Because of how these concerts might be the norm for a while, I looked into how such events are changing the way musicians are keeping the hope alive for both their band and their fans.
From the EDM stage to the internet, groups of DJs found their new “stage” on Twitch.tv. With the hopes to bring the intoxicating excitement from the festival grounds into bedrooms across the globe, SLANDER brought back the magic for a night on April 10. During the stream, viewer Amber was drawn into the concert by the distinctive way that the concert was played. Largely displayed on the screen is footage from Electronic Daisy Carnival (EDC) 2018 and appearing periodically in the bottom corners of the screen were the DJs themselves hyping up their viewers and creating a VIP experience for everyone involved. “It was such a fun experience,” she recalls, “at some points during the concert, [the DJs] would talk about how they made the mix and show us demos. It felt personal and intimate.” That intimate feeling intertwining with the party-feel of a DJ set was what made this a moment Amber happy looks back on. “It’s festival season and a show like this was kind of necessary.” For those 90 minutes, the DJs and their many viewers – including Amber – found a spark of joy in their overly mundane days in quarantine, making a concert like this was a great way to “keep hope alive for the future of music.”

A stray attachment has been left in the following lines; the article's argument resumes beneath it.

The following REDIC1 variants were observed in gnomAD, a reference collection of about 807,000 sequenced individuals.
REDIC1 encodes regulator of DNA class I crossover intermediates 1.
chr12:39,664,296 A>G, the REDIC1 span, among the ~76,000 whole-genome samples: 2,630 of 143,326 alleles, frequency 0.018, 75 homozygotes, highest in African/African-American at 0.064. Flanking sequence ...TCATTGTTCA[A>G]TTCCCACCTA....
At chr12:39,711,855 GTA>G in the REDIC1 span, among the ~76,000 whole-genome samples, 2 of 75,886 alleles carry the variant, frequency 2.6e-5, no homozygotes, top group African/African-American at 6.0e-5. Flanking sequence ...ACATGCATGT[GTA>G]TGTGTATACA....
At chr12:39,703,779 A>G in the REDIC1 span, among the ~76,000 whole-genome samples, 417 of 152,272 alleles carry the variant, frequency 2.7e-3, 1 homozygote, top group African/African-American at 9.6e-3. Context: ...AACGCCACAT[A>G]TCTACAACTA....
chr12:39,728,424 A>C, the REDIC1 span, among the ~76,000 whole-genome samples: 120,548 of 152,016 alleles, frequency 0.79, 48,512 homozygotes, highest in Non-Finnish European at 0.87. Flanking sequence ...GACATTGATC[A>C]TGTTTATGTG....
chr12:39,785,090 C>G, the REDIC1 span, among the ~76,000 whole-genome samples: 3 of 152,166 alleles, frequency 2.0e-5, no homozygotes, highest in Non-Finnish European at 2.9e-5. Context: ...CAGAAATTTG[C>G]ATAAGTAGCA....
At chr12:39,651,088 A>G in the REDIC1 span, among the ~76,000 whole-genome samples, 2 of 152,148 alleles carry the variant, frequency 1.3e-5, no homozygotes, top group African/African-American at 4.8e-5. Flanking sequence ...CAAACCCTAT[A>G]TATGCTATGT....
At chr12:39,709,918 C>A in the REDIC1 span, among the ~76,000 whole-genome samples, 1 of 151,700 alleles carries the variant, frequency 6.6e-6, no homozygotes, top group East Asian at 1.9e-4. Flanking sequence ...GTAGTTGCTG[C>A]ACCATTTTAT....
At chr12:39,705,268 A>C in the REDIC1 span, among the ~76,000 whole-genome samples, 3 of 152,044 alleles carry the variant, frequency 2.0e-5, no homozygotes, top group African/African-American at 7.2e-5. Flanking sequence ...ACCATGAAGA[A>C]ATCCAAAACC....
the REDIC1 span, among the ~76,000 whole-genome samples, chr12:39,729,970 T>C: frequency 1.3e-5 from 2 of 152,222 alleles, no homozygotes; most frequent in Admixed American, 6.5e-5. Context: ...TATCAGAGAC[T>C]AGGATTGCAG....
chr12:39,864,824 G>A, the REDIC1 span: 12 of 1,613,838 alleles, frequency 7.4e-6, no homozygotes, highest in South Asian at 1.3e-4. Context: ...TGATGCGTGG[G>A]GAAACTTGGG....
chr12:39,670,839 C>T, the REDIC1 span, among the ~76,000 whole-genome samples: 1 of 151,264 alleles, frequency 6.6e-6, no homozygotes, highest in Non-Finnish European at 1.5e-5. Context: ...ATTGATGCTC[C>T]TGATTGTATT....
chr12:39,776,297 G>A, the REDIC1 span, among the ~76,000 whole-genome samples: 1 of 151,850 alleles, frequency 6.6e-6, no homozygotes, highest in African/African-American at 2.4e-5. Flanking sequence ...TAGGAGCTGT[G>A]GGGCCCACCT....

Another Twitch concert was broadcasted on April 18 titled WAVELENGTHS+. During the 8-hour broadcast, several different DJs took to their rooms of choice to play for the 60 viewers. Each DJ’s set was unique to itself while keeping the overall feeling of a house show. Deciding to view the live stream in support of a DJ familiar to him, Steven tuned in and was presently surprised by the show overall. “Although not an avid EDM listener, I appreciated the visuals and the experience of hosting it on Twitch.” Steven ended up staying for the entire 8-hours and was “impressed by the visuals” that DJs utilized. From camera effects and lens choices to decorating their tables with lights and objects, the 10 DJs were able to stand out from one another and give each set a fresh feel each time a new set would start. In the end, Steven looked at his time at the “festival” to be something unique in its case, “It’s similar to a physical concert, but I think the experience is ultimately different. A live show gives you no time to stop dancing and singing, as with this I had the opportunity to literally pause and come back if I am so pleased. People in chat were still drinking, inspiring others to dance, etc. This was what I more or less meant by the same energy and enthusiasm. It was enjoyable.”